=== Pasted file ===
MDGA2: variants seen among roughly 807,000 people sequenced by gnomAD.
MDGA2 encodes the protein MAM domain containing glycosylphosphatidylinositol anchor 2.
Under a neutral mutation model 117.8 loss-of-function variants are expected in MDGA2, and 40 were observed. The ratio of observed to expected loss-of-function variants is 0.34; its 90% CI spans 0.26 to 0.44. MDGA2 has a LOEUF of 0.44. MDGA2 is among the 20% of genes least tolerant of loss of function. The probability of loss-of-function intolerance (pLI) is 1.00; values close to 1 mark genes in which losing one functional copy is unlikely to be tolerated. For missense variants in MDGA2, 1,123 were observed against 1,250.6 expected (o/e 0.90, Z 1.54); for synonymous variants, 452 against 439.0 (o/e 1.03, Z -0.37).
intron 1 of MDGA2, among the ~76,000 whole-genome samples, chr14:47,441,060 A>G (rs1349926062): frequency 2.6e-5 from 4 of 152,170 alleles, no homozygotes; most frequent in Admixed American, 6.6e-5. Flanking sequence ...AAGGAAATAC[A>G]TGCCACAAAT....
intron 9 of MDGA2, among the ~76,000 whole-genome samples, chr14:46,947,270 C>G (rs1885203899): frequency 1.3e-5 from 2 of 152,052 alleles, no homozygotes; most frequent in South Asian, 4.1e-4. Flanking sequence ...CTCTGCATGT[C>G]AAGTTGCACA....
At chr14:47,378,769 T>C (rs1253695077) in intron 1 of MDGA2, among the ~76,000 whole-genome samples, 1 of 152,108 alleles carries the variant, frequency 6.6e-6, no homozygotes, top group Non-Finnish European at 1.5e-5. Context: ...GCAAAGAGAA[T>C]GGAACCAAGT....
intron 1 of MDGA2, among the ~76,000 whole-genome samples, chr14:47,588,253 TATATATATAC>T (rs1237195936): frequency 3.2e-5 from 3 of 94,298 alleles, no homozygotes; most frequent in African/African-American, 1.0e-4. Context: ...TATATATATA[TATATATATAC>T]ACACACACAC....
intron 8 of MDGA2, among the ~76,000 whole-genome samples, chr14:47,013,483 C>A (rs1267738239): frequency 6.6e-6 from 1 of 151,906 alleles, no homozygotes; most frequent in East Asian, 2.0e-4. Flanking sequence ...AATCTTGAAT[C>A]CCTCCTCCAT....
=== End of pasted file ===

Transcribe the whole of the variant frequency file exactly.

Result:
MDGA2: variants seen among roughly 807,000 people sequenced by gnomAD.
MDGA2 encodes the protein MAM domain containing glycosylphosphatidylinositol anchor 2.
Under a neutral mutation model 117.8 loss-of-function variants are expected in MDGA2, and 40 were observed. The ratio of observed to expected loss-of-function variants is 0.34; its 90% CI spans 0.26 to 0.44. MDGA2 has a LOEUF of 0.44. MDGA2 is among the 20% of genes least tolerant of loss of function. The probability of loss-of-function intolerance (pLI) is 1.00; values close to 1 mark genes in which losing one functional copy is unlikely to be tolerated. For missense variants in MDGA2, 1,123 were observed against 1,250.6 expected (o/e 0.90, Z 1.54); for synonymous variants, 452 against 439.0 (o/e 1.03, Z -0.37).
intron 1 of MDGA2, among the ~76,000 whole-genome samples, chr14:47,441,060 A>G (rs1349926062): frequency 2.6e-5 from 4 of 152,170 alleles, no homozygotes; most frequent in Admixed American, 6.6e-5. Flanking sequence ...AAGGAAATAC[A>G]TGCCACAAAT....
intron 9 of MDGA2, among the ~76,000 whole-genome samples, chr14:46,947,270 C>G (rs1885203899): frequency 1.3e-5 from 2 of 152,052 alleles, no homozygotes; most frequent in South Asian, 4.1e-4. Flanking sequence ...CTCTGCATGT[C>G]AAGTTGCACA....
At chr14:47,378,769 T>C (rs1253695077) in intron 1 of MDGA2, among the ~76,000 whole-genome samples, 1 of 152,108 alleles carries the variant, frequency 6.6e-6, no homozygotes, top group Non-Finnish European at 1.5e-5. Context: ...GCAAAGAGAA[T>C]GGAACCAAGT....
intron 1 of MDGA2, among the ~76,000 whole-genome samples, chr14:47,588,253 TATATATATAC>T (rs1237195936): frequency 3.2e-5 from 3 of 94,298 alleles, no homozygotes; most frequent in African/African-American, 1.0e-4. Context: ...TATATATATA[TATATATATAC>T]ACACACACAC....
intron 8 of MDGA2, among the ~76,000 whole-genome samples, chr14:47,013,483 C>A (rs1267738239): frequency 6.6e-6 from 1 of 151,906 alleles, no homozygotes; most frequent in East Asian, 2.0e-4. Flanking sequence ...AATCTTGAAT[C>A]CCTCCTCCAT....